(This post originally appeared on The Hill)
Watch the impeachment hearings and what do you see? Not just members of Congress interviewing witnesses. You also see attorneys, lobbyists, consultants, pages, interns, the media and countless others spending their time and resources on something that will more than likely end right where it began: A stalemate between the president’s supporters and his opponents.
And who suffers because of all of this? That’s easy: It’s the people looking to Congress for legislation that will improve their lives. That includes the nation’s small business owners, their employees and their families. That’s because there are at least five significant things that are not being done in Washington that not only benefit the very people who employ roughly half of the workers in this country, but who bear a significant part of the economic brunt of Congress’ non-actions.
For example, there’s immigration. As the economy has grown and the administration’s immigration reforms have become more rigid, small operators of independent hotels in New England to landscapers in Arizona have struggled to find qualified workers. Brilliant developers who previously worked for U.S. tech firms are heading back to their own countries, and startup entrepreneurs who could potentially employ thousands are being asked to leave.
Unfortunately, the business owners trying to navigate in this uncertain environment are not only subject to the whims of executive orders and presidential tantrums. They are also regularly elbowed out of the competition for the limited pool of immigrant workers by larger companies who have more attorneys, HR consultants and cash to take away the lion’s share of available bodies. New immigration laws are critical to bringing sanity to this system. Unfortunately, that’s not going to happen with this Congress.
Also not going to happen is the SECURE Act. This proposed legislation, which was passed almost unanimously by the House, would help level the playing field for small businesses competing with big firms by making it easier to setup more affordable retirement plans that could in turn be offered to part-time workers.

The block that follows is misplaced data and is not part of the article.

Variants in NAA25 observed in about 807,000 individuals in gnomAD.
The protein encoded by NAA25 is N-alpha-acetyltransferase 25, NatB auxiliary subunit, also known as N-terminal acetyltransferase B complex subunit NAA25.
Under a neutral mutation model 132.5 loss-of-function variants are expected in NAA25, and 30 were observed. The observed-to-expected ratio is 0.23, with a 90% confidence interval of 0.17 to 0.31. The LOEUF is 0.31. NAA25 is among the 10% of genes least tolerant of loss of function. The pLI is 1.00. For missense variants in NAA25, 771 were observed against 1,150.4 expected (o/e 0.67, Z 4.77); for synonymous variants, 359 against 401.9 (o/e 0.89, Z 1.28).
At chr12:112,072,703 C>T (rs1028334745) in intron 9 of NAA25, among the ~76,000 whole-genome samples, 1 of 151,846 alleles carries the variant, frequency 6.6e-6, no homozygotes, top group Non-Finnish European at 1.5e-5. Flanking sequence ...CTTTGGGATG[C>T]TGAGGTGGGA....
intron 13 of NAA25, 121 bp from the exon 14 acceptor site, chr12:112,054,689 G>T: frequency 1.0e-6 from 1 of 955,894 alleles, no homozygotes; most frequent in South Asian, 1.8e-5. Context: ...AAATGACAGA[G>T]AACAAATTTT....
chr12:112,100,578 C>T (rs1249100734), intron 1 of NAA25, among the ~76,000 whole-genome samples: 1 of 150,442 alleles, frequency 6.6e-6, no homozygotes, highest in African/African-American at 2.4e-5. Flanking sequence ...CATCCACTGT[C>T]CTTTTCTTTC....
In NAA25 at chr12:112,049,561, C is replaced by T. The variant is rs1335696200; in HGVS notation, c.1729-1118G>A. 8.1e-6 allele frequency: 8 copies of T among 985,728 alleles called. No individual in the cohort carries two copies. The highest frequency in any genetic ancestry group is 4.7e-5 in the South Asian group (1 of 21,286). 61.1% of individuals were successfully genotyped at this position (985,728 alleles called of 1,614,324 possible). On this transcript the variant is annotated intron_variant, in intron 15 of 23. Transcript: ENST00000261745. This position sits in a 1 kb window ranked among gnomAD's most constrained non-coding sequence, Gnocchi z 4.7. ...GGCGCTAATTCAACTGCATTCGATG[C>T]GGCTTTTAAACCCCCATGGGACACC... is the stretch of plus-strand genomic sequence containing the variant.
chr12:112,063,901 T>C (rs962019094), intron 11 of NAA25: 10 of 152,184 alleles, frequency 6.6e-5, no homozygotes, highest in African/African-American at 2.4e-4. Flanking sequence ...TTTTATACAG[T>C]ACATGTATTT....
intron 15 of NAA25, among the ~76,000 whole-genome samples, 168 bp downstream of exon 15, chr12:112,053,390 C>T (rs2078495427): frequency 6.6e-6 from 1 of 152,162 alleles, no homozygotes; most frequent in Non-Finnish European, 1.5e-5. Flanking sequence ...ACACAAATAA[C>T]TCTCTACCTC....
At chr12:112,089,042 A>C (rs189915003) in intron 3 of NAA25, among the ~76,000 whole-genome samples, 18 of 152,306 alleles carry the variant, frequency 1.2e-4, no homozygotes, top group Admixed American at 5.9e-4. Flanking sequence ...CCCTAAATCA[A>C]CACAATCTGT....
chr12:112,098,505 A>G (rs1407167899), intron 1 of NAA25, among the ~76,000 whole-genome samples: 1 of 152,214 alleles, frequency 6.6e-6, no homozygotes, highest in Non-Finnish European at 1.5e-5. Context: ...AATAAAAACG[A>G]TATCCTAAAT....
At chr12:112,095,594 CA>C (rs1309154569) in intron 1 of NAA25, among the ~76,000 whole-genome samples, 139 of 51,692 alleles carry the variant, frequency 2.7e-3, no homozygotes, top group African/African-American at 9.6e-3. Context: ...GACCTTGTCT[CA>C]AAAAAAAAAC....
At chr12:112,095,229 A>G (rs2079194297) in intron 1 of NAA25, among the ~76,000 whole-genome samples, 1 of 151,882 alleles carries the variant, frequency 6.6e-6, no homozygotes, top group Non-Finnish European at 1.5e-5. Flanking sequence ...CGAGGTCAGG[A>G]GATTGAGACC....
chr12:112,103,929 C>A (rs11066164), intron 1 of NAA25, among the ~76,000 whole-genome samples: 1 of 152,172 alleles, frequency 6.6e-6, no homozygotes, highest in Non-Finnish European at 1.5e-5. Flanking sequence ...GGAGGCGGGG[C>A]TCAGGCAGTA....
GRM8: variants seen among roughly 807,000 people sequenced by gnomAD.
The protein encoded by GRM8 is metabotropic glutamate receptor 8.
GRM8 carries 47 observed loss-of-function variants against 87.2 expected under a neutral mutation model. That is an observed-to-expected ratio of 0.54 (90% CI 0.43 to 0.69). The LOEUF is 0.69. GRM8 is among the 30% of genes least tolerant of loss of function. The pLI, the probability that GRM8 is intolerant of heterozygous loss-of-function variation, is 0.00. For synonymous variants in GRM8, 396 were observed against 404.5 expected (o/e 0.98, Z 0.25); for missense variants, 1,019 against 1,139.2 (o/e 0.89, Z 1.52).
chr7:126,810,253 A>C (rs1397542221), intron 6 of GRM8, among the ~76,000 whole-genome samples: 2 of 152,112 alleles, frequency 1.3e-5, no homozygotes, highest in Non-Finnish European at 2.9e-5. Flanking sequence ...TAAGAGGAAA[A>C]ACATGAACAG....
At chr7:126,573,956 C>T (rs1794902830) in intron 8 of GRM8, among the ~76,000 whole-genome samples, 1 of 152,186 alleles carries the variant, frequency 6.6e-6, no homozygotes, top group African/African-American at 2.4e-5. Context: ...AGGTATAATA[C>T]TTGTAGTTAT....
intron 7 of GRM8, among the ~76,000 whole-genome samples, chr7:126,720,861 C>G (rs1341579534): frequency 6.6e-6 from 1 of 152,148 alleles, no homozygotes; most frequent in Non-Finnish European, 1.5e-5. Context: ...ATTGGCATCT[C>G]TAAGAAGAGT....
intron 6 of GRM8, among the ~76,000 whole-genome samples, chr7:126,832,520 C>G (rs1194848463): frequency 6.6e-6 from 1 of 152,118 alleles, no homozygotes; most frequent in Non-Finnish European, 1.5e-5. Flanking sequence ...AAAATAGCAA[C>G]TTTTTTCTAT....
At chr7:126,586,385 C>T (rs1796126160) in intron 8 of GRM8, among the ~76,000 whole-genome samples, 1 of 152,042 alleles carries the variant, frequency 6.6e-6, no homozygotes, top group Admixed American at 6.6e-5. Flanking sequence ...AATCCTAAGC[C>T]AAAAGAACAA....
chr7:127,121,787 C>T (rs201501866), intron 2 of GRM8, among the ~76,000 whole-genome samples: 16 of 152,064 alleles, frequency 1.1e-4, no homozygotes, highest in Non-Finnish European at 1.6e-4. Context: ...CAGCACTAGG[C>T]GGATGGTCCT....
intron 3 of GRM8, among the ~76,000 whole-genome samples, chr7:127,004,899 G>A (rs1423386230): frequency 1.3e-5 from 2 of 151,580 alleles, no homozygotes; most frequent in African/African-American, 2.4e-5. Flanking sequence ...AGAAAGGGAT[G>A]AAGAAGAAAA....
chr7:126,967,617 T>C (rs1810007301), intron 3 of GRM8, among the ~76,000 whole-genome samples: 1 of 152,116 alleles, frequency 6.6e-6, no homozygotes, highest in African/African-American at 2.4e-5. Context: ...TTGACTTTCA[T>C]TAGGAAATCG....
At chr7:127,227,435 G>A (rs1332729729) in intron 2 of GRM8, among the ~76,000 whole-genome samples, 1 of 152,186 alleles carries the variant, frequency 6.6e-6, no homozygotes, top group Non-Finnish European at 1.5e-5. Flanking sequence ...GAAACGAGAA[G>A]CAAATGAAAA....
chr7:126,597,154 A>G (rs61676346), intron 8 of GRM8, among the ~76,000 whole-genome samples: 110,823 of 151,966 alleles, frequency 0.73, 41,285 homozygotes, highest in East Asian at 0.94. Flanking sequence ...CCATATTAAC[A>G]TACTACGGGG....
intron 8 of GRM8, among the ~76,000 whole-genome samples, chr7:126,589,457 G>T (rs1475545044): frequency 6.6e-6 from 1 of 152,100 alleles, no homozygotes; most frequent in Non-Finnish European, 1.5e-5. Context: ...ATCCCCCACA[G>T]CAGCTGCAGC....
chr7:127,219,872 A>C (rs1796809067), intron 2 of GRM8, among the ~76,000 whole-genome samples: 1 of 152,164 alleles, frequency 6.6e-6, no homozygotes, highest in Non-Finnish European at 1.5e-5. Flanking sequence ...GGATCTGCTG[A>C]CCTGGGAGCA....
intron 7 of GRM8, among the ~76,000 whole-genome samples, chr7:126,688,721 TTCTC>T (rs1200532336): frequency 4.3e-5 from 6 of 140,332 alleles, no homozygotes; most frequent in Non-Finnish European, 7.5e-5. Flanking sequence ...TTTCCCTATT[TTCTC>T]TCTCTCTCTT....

It would also allow older workers to delay distributions from their plans, which could encourage them to work longer if they wished. This bill would make it much easier for workers to save for retirement and for employers to help them. But not right now, I guess. Not during impeachment.
House leader Nancy Pelosi said last week that Democrats are “within range” of reaching a North American trade agreement they can support. Don’t hold your breath. The changes that Democrats are likely to approve will just as likely be opposed by Republicans there and in the Senate, where it also has to pass. The agreement, which was signed a year ago, would provide many opportunities for small businesses by opening up markets across the continent, updating rules and providing a more stable legal and economic environment for trade and administration. But it needs ratifications from the legislatures of Mexico (done), Canada (pending but expected) and the U.S. (not done, not really pending and, while impeachment dominates, not likely to happen).
Here’s another little-known victim of impeachment: The Work Opportunity Tax Credit. This helpful tax benefit will expire at the end of 2019. Without any “extenders” from Congress, small businesses will be denied a great government incentive (a tax credit of up to $9,600) that helps them hire the long-term unemployed, former inmates, military veterans or those on welfare looking to get back into the workforce.
It’s hard enough for small companies to compete for workers against larger companies that can offer more compensation and benefits. Not having credits like this makes it that much harder. I guess Congress has other more important things to do, like failing to send the president to prison.
Speaking of prisoners, the House Committee on Small Business – one of the few political bright spots in this bitterly partisan place – recently approved several reforms that would not only help small businesses hire more workers who were formerly incarcerated but also lower the barriers to entry for these same small firms to get more government contracting dollars. Do you think the House, let alone the Senate, will have the time to consider and vote on these great bills that will help businesses grow, hire more people and invest in their futures? Of course not. There’s an impeachment crisis going on, man, don’t you see?
Hey, maybe it’s not all bad news. Some of the bills that the House has sent to the Senate – which include legislation to increase the national minimum wage, provide more holidays to workers and strengthen some workplace penalties against employers who discriminate – would certainly add more costs and red tape for smaller firms.
Or maybe, like my father always said, the less the government does, the better it is for business owners to do what they do. My dad said many smart things, but I’m not sure that was one of them.